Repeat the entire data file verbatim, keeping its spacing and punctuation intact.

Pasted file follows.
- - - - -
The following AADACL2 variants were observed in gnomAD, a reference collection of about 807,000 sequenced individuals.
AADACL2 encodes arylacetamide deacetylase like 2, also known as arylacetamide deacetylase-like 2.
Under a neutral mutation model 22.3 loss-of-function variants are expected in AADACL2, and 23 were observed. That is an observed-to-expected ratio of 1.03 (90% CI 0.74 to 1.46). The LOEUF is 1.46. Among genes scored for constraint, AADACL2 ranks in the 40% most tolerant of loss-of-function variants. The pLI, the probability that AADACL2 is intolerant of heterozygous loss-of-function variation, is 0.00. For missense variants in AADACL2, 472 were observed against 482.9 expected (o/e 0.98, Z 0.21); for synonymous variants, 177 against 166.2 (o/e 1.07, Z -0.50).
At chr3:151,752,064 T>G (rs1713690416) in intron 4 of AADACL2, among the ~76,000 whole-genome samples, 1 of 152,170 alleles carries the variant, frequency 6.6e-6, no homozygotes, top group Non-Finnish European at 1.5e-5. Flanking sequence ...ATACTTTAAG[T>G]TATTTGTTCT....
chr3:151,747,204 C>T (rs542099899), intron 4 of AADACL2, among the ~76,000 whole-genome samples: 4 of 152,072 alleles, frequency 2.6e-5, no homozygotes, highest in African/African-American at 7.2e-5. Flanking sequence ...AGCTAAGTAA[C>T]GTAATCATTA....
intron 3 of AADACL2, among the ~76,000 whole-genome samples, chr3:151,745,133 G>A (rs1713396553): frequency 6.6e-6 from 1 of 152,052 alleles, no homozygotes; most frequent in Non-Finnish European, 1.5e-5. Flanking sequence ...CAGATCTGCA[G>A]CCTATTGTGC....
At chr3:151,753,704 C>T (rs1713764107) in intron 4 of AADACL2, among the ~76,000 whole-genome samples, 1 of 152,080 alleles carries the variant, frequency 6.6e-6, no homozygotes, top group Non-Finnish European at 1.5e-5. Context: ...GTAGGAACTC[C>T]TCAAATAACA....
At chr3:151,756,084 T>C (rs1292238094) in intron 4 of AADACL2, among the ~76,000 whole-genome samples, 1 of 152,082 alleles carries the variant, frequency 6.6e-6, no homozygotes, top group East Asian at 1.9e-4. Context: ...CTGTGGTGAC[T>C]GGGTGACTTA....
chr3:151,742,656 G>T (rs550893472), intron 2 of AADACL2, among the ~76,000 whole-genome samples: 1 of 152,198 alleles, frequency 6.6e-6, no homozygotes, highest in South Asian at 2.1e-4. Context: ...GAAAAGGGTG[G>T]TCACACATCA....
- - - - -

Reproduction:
The following AADACL2 variants were observed in gnomAD, a reference collection of about 807,000 sequenced individuals.
AADACL2 encodes arylacetamide deacetylase like 2, also known as arylacetamide deacetylase-like 2.
Under a neutral mutation model 22.3 loss-of-function variants are expected in AADACL2, and 23 were observed. That is an observed-to-expected ratio of 1.03 (90% CI 0.74 to 1.46). The LOEUF is 1.46. Among genes scored for constraint, AADACL2 ranks in the 40% most tolerant of loss-of-function variants. The pLI, the probability that AADACL2 is intolerant of heterozygous loss-of-function variation, is 0.00. For missense variants in AADACL2, 472 were observed against 482.9 expected (o/e 0.98, Z 0.21); for synonymous variants, 177 against 166.2 (o/e 1.07, Z -0.50).
At chr3:151,752,064 T>G (rs1713690416) in intron 4 of AADACL2, among the ~76,000 whole-genome samples, 1 of 152,170 alleles carries the variant, frequency 6.6e-6, no homozygotes, top group Non-Finnish European at 1.5e-5. Flanking sequence ...ATACTTTAAG[T>G]TATTTGTTCT....
chr3:151,747,204 C>T (rs542099899), intron 4 of AADACL2, among the ~76,000 whole-genome samples: 4 of 152,072 alleles, frequency 2.6e-5, no homozygotes, highest in African/African-American at 7.2e-5. Flanking sequence ...AGCTAAGTAA[C>T]GTAATCATTA....
intron 3 of AADACL2, among the ~76,000 whole-genome samples, chr3:151,745,133 G>A (rs1713396553): frequency 6.6e-6 from 1 of 152,052 alleles, no homozygotes; most frequent in Non-Finnish European, 1.5e-5. Flanking sequence ...CAGATCTGCA[G>A]CCTATTGTGC....
At chr3:151,753,704 C>T (rs1713764107) in intron 4 of AADACL2, among the ~76,000 whole-genome samples, 1 of 152,080 alleles carries the variant, frequency 6.6e-6, no homozygotes, top group Non-Finnish European at 1.5e-5. Context: ...GTAGGAACTC[C>T]TCAAATAACA....
At chr3:151,756,084 T>C (rs1292238094) in intron 4 of AADACL2, among the ~76,000 whole-genome samples, 1 of 152,082 alleles carries the variant, frequency 6.6e-6, no homozygotes, top group East Asian at 1.9e-4. Context: ...CTGTGGTGAC[T>C]GGGTGACTTA....
chr3:151,742,656 G>T (rs550893472), intron 2 of AADACL2, among the ~76,000 whole-genome samples: 1 of 152,198 alleles, frequency 6.6e-6, no homozygotes, highest in South Asian at 2.1e-4. Context: ...GAAAAGGGTG[G>T]TCACACATCA....